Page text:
Column: Core group committed to change is needed to end systemic racismWhile it’s crucial for our community to continue to discuss racism — and in particular to create awareness about the interpersonal hateful acts that so many report being exposed to — if we wish to make any substantial progress, it is time to address institutional racism.
By: Reyna Crow, For the Budgeteer News
While it’s crucial for our community to continue to discuss racism — and in particular to create awareness about the interpersonal hateful acts that so many report being exposed to — if we wish to make any substantial progress, it is time to address institutional racism.
This was the goal of Equity Day on Feb. 1, organized by Henry Banks and Bob Grytdahl. Banks is a community organizer and host of “People of Color with Henry Banks” on KUWS-FM, and Grytdahl is Duluth’s human rights officer.
More than 30 community members attended the event, which included the release of the 2013 Racial Equity Agenda. Among speakers was Salvador Miranda of the Organizing Apprenticeship Project in Minneapolis, who called for leadership across communities and all levels of government to build racial justice through multiple measures.
Also, OAP’s 2012 Legislative Report Card on Racial Equity was released, grading legislators on how well they addressed systemic racism and focusing on policies and practices in employment, education, housing, health care,
law enforcement and criminal justice that systematically tend to disadvantage people of color relative to whites. Those disparities are reflected in high school graduation rates, unemployment rates, arrest and incarceration rates and life expectancy.
A few hours before the release of the report, a multi-racial group including Banks, Grytdahl, Miranda and city officials, representatives of area agencies, communities of faith and area citizens met at Duluth City Hall to discuss ways to work together to enhance racial justice by strategically eliminating systemic racism in our community. This meeting focused significantly on impacting disparities in local employment. Members of HIRE MN discussed their group’s largely successful and ongoing efforts in the Twin Cities to help ensure that people of color are included in the labor force on public projects such as the Vikings stadium and within agencies such as the Minnesota Department of Transportation.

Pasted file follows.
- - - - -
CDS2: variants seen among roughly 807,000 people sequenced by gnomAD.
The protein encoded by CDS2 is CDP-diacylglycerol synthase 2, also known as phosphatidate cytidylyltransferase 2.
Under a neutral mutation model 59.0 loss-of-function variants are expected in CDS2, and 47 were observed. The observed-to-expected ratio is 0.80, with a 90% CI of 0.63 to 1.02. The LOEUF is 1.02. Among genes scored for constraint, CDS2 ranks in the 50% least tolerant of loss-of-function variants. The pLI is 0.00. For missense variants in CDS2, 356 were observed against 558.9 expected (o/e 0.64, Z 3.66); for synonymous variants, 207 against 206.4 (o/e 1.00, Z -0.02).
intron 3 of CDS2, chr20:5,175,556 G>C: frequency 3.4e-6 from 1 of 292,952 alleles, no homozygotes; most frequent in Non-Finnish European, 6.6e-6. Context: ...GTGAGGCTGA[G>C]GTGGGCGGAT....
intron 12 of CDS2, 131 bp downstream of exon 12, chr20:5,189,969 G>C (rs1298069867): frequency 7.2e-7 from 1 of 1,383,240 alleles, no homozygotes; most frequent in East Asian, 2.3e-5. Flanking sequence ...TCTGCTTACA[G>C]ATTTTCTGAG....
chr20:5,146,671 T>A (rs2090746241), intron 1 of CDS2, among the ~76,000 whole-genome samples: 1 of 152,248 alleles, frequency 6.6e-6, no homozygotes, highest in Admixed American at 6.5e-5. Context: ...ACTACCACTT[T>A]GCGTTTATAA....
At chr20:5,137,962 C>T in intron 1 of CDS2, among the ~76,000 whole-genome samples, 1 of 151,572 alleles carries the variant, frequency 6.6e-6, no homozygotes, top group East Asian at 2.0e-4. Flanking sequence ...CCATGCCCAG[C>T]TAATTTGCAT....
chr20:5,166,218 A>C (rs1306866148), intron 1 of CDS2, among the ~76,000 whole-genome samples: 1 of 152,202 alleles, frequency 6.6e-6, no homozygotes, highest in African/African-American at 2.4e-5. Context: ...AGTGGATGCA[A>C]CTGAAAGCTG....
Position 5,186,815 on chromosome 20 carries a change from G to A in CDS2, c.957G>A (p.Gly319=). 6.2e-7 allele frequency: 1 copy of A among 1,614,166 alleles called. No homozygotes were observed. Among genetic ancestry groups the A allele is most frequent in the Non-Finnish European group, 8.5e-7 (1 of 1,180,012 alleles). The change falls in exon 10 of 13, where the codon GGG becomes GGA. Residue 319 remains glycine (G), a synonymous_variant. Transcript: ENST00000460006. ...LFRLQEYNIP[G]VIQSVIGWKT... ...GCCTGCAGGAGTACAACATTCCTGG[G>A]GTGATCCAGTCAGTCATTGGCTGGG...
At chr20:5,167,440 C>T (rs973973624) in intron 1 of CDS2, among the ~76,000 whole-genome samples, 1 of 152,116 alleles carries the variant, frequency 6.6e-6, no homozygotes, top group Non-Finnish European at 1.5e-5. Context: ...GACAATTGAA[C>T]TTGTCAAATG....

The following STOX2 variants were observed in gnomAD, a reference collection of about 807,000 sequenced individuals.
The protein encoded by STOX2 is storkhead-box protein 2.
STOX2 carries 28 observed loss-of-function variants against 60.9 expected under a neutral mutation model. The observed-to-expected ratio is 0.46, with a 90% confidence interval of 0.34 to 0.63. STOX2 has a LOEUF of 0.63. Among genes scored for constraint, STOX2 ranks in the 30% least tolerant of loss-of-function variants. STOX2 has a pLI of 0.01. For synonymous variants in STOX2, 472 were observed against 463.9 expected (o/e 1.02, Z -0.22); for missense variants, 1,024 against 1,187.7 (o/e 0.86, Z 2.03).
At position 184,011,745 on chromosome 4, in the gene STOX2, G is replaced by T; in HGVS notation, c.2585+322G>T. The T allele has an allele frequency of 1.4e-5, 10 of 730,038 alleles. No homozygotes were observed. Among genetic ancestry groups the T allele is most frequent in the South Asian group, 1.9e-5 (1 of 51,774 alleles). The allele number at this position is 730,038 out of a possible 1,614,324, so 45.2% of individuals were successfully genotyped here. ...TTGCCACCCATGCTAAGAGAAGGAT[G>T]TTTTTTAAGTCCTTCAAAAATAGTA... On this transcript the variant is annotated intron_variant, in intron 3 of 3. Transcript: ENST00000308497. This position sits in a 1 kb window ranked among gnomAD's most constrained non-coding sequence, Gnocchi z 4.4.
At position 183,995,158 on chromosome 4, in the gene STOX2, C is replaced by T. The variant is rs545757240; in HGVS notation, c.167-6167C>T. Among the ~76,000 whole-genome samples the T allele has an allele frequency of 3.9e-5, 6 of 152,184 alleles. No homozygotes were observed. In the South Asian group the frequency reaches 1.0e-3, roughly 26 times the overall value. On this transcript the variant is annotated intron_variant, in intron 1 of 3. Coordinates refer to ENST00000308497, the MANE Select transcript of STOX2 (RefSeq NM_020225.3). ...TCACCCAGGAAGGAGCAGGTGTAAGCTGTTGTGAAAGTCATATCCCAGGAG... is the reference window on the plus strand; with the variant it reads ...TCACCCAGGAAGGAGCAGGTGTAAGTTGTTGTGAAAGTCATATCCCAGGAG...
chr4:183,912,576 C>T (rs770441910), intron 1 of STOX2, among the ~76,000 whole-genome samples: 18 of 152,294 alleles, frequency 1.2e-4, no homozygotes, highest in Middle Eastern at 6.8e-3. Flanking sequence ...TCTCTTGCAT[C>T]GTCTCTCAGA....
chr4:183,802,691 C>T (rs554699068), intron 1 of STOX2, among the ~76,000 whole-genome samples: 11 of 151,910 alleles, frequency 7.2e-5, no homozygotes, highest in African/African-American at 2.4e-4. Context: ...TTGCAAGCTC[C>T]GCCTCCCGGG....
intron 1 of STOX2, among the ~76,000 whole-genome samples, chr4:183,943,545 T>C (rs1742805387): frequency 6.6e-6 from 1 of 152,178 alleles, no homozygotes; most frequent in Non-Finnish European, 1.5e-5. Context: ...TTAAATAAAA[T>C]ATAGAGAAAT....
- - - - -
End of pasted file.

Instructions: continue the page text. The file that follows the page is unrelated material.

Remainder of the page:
Several presenters stressed that the success of these efforts hinged on multiple factors, among them the willingness of a core group of community members committed to affecting positive change who were willing to meet on a weekly basis; the willingness of people of color and their allies to participate in planning and other meetings at the local level to ensure that decision makers within corporate entities, unions and government are held accountable for finding effective ways of meeting hiring goals for people of color and women and are transparent in the planning, hiring and other processes; and the creation of multi-racial and multi-interest coalitions among various area groups, agencies, and individuals.
Specifically, people are needed right now in Duluth to work on advancing racial equity here at home in two important ways. First, a group of people is needed who will work on equitable employment in major projects in the works for the Duluth area, such as the DTA Multimodal Transit Center. Second, a group needs to be formed to focus on a plan for increasing workforce participation by people of color and begin to develop strategy to begin to correct those policies and practices that have led to widespread disparity in education, health care, housing and criminal justice as well.
Addressing institutional racism cannot be done unless we all step up and do our part. While being an ally means learning about privilege, it also means rolling up your sleeves and doing the work of undoing racism. The time has come to put the spirit of so many wonderful community events like the Martin Luther King Jr. March and Commemoration into action by getting involved in this effort now. Don’t just talk about not being racist, get involved and make this community a better place for everyone. Think big. Jot down your ideas for ending systemic racism. Share them and let’s create a better Duluth.
Duluthian Reyna Crow has a degree in economics from the University of